For the faithful readers who have followed the odyssey of the Moore family for almost three months now on the blog, I thank you for your patience as I took this blip on my personal radar writing screen for an experiment with historical fiction.   When my partner Teresa brought the picture post card album home from an estate sale at the end of February this year, I was fascinated with the pictures from the turn-of-the-century (twentieth, that is!) cards but had not a clue about the treasures I’d find in the words.  For me, words are worth a thousand pictures and these have not disappointed.   I wish I could share more of them with you, but I have literally hundreds of post cards and fear I have become too attached to them.

The estate sale took place at a home in Columbia and I tagged along with Teresa when she went for a second look.   The house was a modest one in an older middle-class neighborhood not very far from our own home.  I could have walked there if I’d wanted to – which I didn’t.   While Teresa chatted away with her friend Shelley who was in charge of the estate sale, I wandered through the house to see what I could find without spending any money – which I didn’t.   I found an old Bible in a bedroom and opened it to the family section.   From your father, Luke P. Moore  read the inscription.   At the time I didn’t realize how close I would be to Mr. Moore and his family through their post cards in the next few months.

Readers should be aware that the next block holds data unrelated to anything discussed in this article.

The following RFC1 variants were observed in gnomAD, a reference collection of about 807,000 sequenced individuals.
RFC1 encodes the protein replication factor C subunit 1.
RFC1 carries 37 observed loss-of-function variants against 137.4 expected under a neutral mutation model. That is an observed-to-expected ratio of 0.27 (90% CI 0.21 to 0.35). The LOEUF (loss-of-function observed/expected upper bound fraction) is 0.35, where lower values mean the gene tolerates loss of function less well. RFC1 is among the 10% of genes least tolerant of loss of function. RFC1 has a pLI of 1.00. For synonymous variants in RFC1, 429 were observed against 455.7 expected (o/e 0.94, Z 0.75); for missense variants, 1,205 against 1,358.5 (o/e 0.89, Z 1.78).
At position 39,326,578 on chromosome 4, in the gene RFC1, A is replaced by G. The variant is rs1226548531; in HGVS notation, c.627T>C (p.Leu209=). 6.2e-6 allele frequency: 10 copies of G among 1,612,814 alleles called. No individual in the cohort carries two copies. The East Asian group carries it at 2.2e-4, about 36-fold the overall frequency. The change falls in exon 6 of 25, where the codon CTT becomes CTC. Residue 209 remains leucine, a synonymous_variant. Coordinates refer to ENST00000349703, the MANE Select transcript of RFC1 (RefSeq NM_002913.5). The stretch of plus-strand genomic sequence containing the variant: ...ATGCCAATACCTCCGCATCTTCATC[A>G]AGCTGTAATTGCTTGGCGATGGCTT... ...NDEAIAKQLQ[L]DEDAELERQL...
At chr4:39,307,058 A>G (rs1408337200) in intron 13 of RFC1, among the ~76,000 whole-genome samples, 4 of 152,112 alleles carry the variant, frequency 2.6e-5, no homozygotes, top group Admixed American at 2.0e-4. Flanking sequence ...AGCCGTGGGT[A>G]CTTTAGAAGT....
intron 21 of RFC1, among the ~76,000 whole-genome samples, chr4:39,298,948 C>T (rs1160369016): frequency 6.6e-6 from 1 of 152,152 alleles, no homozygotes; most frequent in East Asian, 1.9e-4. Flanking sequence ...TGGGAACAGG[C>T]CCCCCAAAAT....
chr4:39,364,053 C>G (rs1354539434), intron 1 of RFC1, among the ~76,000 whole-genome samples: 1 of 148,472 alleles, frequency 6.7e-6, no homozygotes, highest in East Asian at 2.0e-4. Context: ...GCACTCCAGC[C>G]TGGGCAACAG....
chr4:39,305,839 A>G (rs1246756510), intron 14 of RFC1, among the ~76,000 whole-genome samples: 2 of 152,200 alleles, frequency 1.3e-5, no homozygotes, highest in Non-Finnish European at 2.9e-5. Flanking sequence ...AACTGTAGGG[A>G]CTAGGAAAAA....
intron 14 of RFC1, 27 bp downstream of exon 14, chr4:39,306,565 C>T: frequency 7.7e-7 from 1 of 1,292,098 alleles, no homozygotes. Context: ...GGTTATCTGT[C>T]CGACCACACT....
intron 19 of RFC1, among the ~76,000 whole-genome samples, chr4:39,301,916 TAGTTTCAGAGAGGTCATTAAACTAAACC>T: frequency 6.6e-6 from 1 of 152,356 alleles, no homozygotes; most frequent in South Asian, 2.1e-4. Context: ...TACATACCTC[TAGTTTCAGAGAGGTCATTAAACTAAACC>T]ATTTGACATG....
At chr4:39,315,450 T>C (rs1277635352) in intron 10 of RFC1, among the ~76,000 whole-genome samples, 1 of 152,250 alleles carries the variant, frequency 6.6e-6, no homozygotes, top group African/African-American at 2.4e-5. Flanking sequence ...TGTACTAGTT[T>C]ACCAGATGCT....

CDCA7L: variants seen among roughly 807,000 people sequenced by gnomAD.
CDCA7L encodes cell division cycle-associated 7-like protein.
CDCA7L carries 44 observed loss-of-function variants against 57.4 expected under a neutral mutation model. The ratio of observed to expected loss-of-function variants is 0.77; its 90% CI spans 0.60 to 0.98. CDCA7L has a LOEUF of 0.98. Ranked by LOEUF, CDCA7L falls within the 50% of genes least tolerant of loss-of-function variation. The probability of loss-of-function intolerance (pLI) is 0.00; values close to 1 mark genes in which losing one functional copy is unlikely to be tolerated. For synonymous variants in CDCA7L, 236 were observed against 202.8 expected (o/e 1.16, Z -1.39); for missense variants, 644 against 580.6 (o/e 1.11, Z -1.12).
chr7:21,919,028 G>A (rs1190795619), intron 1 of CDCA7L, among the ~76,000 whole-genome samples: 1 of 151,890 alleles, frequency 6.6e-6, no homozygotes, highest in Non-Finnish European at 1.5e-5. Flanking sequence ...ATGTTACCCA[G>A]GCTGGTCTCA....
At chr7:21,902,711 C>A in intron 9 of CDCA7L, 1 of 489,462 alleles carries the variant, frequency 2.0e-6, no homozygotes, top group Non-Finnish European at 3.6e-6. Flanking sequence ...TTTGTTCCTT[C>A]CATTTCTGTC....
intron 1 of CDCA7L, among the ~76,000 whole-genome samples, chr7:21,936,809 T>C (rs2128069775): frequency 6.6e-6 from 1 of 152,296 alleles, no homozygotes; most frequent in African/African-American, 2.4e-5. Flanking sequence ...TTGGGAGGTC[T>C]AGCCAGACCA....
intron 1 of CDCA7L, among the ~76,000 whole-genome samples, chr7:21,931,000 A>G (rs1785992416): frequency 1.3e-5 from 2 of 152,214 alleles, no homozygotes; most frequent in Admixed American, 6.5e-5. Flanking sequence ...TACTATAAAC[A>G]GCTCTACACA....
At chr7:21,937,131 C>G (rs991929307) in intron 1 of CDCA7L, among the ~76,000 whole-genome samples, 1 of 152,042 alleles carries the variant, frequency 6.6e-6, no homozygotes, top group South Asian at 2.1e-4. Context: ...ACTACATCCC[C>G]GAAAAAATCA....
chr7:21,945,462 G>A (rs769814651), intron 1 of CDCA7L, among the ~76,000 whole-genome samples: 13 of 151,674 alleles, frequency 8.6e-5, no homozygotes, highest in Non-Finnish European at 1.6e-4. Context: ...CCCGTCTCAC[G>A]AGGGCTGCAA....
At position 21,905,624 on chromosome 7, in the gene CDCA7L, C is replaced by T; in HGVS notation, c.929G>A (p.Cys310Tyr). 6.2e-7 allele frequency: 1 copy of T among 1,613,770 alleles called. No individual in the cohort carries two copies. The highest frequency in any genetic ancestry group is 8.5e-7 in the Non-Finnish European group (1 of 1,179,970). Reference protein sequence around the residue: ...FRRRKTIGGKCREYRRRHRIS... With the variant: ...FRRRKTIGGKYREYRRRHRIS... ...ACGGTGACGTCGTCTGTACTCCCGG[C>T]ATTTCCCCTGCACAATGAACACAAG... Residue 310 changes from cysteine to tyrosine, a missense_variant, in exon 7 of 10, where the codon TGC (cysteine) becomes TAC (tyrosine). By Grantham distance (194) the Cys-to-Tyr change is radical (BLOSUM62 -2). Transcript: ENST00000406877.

I asked Shelley that night if she knew anything about the family who was leaving this home.   She said she didn’t know much except that it was an elderly woman in her late nineties who was moving into a nursing home because she couldn’t live alone any longer.   Not an uncommon occurrence these days, I thought, as I met Teresa in the kitchen.   She was making her final rounds and asked Shelley to hold several items for her before the sale actually started the following day.

I remember seeing a little navy blue magnet in the shape of a sailing ship on the refrigerator that night as I left the kitchen.   I wish now I’d paid the 25 cents for it.   A tiny white flag had the name Lucia on it.   Lucia Catherine Moon, daughter of Luke and Bessie, was leaving her home and most of her possessions behind, including her mother’s treasured post card album entitled Greetings from Jamestown.    That’s okay, though.   Teresa brought it home to me.

About Sheila Morris